Bobby Jindal says he’s tired of “hyphenated Americans.” The Republican governor of Louisiana and possible 2016 presidential candidate said his parents didn’t come to America to raise Indian-Americans.
So, let’s all just be known as Americans, he says.
Well, OK, Gov. Jindal. I respect your desire to be known as an American without the hyphen.
However, I am a hyphenated American and am damn proud of it.
My grandparents came here from southern Europe. My dad’s parents grew up in neighboring villages in southern Greece. Mom’s parents grew up on a tiny island in the Sea of Marmara, the small body of water that separates European Turkey from Asian Turkey; they were of Greek heritage as well.
They all came to this country to become Americans, just as Jindal’s parents came here from India.
My grandparents, though, never lost touch with their heritage and they passed it along to their grandkids.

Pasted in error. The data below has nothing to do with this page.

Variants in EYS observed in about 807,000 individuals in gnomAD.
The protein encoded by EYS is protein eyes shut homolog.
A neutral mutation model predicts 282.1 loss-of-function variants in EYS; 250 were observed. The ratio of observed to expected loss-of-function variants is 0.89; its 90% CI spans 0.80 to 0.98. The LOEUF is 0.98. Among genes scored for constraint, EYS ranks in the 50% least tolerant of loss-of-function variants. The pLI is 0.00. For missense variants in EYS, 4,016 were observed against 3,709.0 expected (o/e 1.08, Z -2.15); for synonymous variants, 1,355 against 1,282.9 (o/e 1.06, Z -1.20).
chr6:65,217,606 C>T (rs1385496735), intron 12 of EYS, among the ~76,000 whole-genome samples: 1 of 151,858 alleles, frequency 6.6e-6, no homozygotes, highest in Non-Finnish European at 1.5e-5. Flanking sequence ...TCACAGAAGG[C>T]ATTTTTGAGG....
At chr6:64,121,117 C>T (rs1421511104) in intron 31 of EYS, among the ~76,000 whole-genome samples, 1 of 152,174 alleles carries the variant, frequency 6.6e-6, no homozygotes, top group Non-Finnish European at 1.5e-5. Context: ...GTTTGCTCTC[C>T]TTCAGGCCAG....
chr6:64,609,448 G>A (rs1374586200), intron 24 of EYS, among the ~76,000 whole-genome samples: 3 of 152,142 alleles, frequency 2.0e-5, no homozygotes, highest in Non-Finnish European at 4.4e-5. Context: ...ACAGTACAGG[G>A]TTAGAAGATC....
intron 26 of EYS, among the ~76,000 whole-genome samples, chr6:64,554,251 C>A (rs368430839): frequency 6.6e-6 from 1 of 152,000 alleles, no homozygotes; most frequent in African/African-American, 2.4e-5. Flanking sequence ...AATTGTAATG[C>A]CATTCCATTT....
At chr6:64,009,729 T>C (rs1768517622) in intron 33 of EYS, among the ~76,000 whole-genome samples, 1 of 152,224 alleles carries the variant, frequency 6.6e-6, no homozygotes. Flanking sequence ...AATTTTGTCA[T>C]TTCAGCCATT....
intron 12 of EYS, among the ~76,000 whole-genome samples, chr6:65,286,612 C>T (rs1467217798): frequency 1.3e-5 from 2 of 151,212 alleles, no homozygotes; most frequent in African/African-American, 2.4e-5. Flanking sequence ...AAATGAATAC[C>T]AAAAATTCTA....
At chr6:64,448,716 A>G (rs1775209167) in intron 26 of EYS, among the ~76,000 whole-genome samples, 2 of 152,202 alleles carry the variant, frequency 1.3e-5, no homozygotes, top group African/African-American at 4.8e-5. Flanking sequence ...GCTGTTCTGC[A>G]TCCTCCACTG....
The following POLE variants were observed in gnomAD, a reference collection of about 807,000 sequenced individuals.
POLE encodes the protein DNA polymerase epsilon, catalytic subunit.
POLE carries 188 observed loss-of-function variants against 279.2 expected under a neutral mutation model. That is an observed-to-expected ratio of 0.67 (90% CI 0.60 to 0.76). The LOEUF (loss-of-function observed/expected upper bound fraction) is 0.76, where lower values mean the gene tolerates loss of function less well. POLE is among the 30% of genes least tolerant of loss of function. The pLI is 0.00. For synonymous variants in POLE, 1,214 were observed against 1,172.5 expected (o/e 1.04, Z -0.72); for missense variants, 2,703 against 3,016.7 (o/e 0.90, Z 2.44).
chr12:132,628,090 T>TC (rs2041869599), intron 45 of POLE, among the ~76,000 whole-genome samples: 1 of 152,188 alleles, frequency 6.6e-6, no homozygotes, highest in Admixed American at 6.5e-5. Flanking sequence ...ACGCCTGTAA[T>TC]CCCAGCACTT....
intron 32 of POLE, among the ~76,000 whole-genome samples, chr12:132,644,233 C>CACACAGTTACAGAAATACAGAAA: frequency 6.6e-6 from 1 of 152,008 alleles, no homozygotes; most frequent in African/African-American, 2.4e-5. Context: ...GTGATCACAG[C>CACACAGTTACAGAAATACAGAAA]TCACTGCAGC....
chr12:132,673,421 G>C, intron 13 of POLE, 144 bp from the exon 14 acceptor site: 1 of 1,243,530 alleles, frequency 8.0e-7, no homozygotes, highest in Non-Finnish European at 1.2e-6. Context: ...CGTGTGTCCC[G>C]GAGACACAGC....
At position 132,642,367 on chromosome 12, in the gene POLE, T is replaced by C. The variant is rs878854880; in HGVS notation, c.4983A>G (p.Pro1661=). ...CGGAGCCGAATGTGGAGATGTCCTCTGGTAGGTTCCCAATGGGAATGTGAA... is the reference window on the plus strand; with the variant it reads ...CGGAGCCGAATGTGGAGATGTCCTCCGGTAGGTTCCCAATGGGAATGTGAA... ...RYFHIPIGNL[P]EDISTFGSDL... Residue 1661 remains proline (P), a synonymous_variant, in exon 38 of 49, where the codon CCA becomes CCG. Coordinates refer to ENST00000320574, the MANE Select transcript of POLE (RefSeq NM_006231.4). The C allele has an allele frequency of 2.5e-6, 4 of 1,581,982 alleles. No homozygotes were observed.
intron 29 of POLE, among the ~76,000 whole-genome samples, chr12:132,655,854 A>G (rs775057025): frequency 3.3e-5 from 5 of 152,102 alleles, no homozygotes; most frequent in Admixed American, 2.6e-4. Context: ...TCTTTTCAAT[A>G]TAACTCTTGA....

It might be that my sisters and I have a fairly unique distinction of being “full-blooded” something, rather than a mix of various heritages. Perhaps that’s why I have this particular desire to identify myself as a Greek-American. It’s easy to say. Most people know about Greece and its profound contribution to the development western civilization.
They also ought to know about the ancient rivalry that persists to this very day between Greece and Turkey, nations that have gone to war with each other more times than I can even count.
Having proclaimed my pride in my hyphenated heritage, I take a back seat to no one in my love of the country of my birth. For that matter, all four of my grandparents — all of whom chose to move here — felt the very same way about their adopted home.
Jindal spoke to the First in the Nation summit in New Hampshire. “I don’t know about you, I’m tired of the hyphenated Americans. No more ‘African-Americans.’ No more ‘Indian-Americans.’ No more ‘Asian-Americans,’ ” Jindal said, drawing applause.
Fine, governor. That’s your call.
Me? I’ll stick with the hyphen. It’s a source of pride.